You can argue with Wanda about what she’s doing, and at the end of your week you can join other users in sharing your views about the future of AI you want, its norms and ethics. I am currently compiling the results to share them with tech companies and policy makers in the UK and beyond.
In the lead-up to the 2015 General Election, with a group trying to increase political engagement amongst people in their 20s and 30s, I created a chat-based AI assistant called Ask Amy that engaged thousands of young people — giving them an easy, unthreatening, fun way to ask questions about politics if you didn’t know where to start.
It was funded by telecoms company TalkTalk and a crowdfunding campaign, we launched in the UK Parliament with MPs including a former Government Minister, and it was covered by media including BBC TV and the Metro newspaper.
I was a full-stack developer at electric car charging company Pod Point where we won awards for tech innovation, including the Evening Standard’s Tech Start-Up of the Year and a European award for Hottest Green-Tech Start-Up of the Year.
My work included creating new features for web apps including purchasing and ordering systems and creating a dynamic map for their relaunched website.
As part of the 360 Giving data visualisation challenge, I created two unique visualisations showing grants to charities and community organisations in new, beautiful and playful ways.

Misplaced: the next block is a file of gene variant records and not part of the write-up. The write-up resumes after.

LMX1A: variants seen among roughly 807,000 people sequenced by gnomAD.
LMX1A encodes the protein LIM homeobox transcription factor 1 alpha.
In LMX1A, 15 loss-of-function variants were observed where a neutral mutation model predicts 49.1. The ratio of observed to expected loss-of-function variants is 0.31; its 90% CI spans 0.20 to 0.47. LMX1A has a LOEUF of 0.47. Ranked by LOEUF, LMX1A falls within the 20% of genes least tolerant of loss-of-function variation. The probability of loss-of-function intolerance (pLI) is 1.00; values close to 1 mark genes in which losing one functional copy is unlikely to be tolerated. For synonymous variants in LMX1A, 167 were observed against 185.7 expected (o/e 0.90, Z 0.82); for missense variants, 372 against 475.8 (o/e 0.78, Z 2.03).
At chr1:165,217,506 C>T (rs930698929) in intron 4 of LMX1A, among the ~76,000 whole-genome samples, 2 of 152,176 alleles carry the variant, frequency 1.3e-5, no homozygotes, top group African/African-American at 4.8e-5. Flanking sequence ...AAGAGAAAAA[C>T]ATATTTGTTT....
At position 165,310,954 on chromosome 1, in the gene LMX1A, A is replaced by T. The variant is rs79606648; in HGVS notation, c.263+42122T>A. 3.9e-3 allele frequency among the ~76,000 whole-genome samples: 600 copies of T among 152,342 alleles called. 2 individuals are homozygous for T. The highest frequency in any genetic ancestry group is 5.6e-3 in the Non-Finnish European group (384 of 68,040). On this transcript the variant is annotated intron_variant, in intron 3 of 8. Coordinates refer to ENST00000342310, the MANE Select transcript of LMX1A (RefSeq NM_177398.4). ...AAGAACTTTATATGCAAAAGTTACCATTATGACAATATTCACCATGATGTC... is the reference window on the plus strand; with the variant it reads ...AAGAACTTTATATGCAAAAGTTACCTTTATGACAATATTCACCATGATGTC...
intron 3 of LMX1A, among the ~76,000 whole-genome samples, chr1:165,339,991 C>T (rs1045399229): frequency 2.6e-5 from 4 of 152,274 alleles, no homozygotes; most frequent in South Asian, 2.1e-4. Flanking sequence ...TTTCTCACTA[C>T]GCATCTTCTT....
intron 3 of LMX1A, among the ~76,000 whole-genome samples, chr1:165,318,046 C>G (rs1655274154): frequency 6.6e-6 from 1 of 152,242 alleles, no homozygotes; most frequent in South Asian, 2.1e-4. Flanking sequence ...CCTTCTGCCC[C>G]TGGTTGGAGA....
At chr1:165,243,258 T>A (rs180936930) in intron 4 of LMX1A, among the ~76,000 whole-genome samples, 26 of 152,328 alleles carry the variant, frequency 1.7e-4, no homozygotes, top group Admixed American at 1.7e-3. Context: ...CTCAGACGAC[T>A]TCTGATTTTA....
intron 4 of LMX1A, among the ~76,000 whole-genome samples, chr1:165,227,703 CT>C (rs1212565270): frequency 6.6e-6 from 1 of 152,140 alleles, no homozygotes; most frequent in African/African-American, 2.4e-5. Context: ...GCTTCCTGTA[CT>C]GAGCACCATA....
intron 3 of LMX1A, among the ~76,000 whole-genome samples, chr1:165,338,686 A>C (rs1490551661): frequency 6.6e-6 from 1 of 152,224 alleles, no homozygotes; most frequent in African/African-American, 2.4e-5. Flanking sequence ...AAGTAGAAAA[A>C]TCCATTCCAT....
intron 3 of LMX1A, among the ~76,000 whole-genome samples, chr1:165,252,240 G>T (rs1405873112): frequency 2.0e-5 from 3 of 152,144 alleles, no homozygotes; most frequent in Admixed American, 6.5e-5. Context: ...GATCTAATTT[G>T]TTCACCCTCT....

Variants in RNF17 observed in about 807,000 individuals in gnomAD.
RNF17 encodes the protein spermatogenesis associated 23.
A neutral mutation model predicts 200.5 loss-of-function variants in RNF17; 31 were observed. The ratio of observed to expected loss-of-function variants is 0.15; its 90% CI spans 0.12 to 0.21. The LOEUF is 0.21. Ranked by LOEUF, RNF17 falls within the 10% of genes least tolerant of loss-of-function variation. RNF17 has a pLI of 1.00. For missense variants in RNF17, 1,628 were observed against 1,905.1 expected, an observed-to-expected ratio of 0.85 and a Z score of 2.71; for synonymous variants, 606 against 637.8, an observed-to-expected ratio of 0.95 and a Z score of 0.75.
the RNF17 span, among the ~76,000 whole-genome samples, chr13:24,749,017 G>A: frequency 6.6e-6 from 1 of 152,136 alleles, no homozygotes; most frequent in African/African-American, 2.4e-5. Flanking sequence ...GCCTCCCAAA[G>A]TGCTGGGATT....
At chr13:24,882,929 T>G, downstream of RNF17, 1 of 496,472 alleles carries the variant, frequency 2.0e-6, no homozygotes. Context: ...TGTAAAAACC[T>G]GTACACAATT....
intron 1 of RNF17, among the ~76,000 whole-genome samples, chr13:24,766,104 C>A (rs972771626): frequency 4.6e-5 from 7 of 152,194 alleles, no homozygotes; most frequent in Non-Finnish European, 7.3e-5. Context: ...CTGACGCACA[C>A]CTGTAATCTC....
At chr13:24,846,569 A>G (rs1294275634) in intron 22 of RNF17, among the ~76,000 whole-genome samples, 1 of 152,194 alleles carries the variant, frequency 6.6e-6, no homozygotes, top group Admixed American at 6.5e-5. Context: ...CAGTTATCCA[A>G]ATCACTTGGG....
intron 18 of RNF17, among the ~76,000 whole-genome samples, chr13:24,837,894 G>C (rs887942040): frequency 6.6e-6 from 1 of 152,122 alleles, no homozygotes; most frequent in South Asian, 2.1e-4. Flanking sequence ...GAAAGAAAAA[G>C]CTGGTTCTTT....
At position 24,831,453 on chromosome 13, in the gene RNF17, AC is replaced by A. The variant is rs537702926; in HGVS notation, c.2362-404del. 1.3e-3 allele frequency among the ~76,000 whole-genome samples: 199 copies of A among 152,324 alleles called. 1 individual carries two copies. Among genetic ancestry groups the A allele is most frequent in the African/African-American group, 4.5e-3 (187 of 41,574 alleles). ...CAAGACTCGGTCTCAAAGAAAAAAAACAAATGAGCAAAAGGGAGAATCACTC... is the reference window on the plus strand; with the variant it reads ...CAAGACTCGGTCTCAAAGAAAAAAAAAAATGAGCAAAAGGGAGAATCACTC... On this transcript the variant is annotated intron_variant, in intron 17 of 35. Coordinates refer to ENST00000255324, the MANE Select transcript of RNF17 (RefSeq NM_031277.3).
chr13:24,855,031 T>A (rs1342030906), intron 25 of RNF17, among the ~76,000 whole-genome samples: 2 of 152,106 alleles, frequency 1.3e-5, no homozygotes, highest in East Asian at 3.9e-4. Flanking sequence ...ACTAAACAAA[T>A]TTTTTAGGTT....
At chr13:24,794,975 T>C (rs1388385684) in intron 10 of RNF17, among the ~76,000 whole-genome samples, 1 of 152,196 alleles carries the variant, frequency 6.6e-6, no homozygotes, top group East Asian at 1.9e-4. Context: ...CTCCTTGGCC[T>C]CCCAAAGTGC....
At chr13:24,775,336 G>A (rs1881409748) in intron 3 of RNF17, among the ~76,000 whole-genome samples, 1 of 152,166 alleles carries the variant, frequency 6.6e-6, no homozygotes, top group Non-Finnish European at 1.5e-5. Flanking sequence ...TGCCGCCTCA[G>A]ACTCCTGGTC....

Blooming Data reinvents the humble pie chart and tells the story of supporting growing people-powered groups, overlaying colour onto stop-motion animation of flowers unfurling.
What’s Up? won an award for creativity. It uses emojis in a chat-style interface to explore whether funding follows or lags public opinion on emerging social issues like support for transgender people and fake news.
Tate Art Detective
Although a small team at the time — I was one of just two web designer/developers — we won two Interactive BAFTA Awards for the Tate’s digital creations.
This included the Art Detective, a web-based learning game I devised the idea for, designed and built for children to explore a Henry Moore sculpture, which was used for over 15 years.
Other great causes
I enjoy working with different people to collaborate on great ideas. Other projects I’ve worked on include…
…I’m volunteering to help build the Scottish Tech Army’s volunteer app, contributing to development in React Native and Node JS, and supporting other upcoming developers
…A simple, visual way to find out how much you’ve lost out on in 10 years since the financial crash and how to stop it happening again
…A campaign for a new kind of diabetes monitoring technology that avoids the daily unpleasantness of people having to prick their finger for blood. People with diabetes could personalise the ask by calculating online how many thousands of fingerpricks they’ve had to do in their lifetime – and the campaign has already had results, with more local health authorities adopting the new technology.
Want to work together? Or explore an idea? Get in touch